• Look for frequently asked questions (FAQs) page in your niche and answer one question with a simple GIF quick tutorial.

When you are done brainstorming for topic ideas, you can use any of the following tools to create your own GIF quick tutorial:

Once content is published, spend time monitoring publishers who have used your quick tutorial in their own webpages. You can use Tineye to track websites that stole your branded GIF, which you can reach out to reclaim unlinked mentions.

tineye results


image optimization

Image optimization is one of the best practices in search marketing as it helps sites’ branded visuals to rank for targeted keywords and absorbs additional search traffic from organic source.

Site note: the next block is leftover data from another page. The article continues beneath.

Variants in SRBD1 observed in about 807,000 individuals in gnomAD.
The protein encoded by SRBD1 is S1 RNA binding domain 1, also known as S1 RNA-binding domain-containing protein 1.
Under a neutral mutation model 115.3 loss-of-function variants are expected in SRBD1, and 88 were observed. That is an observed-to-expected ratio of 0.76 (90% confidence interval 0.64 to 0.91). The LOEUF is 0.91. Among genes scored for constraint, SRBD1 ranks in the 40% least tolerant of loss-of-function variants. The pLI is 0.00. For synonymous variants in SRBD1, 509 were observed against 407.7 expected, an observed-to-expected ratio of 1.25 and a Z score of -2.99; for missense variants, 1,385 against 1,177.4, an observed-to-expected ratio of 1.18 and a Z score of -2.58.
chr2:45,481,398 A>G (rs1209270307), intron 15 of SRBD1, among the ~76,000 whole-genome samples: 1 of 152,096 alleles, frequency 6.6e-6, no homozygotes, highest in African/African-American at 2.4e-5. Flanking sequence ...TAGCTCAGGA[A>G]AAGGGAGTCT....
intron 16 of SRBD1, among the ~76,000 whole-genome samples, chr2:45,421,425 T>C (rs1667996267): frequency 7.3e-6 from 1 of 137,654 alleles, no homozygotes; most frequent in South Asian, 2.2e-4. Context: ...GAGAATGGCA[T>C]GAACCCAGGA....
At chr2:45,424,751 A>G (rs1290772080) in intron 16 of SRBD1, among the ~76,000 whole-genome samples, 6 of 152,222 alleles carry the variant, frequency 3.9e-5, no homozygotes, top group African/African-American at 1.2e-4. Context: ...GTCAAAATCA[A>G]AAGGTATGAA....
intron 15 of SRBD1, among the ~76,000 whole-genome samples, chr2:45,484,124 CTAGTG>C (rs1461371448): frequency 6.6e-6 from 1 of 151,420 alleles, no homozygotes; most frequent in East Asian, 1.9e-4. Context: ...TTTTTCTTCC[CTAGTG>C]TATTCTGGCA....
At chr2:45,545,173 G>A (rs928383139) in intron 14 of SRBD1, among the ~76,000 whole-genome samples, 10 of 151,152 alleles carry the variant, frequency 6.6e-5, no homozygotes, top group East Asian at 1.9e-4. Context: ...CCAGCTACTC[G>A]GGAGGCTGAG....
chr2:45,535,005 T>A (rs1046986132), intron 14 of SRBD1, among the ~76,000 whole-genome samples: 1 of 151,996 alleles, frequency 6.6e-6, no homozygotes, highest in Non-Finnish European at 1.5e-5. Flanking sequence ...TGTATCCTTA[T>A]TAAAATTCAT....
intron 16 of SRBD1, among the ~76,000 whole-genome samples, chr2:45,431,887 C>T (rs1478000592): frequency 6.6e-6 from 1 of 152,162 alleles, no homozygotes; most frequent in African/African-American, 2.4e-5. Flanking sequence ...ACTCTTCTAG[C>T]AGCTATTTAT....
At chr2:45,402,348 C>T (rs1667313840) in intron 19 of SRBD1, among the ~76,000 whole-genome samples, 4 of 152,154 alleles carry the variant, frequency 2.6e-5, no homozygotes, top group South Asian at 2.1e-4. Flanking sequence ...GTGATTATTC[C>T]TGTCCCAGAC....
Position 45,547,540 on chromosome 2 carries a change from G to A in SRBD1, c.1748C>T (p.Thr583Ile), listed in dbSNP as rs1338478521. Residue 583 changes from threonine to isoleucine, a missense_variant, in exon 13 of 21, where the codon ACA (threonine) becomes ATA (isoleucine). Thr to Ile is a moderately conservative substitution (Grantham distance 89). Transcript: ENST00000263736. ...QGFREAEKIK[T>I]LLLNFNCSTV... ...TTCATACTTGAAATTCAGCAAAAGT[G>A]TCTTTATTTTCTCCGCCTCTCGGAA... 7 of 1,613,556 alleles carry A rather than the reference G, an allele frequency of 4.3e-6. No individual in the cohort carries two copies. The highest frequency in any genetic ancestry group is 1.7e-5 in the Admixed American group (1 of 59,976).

Given that content creators are using search engines to look for high quality images, ranking highly for image search also allows your visuals to be featured on other relevant blogs. – and if they’re not linked to you as the source, you can pitch them and ask for a link.

Here’s a quick checklist of points to complete for each visual:

  • Optimize your image traditionally for target keywords (e.g. star-wars-jedi.jpg).
  • Describe your image in a few words using the alt attribute tag – maximum number of characters is 125.
  • Try to come up with unique versions of images since Google also treats duplicate images in image search similar to what it does in universal search.
  • Use correct image types for page speed purposes: JPEGs for images with rich colors, no transparency; GIFs for images with flat colors; PNG8 for transparent images with flat colors and PNG24 for transparent images with rich colors.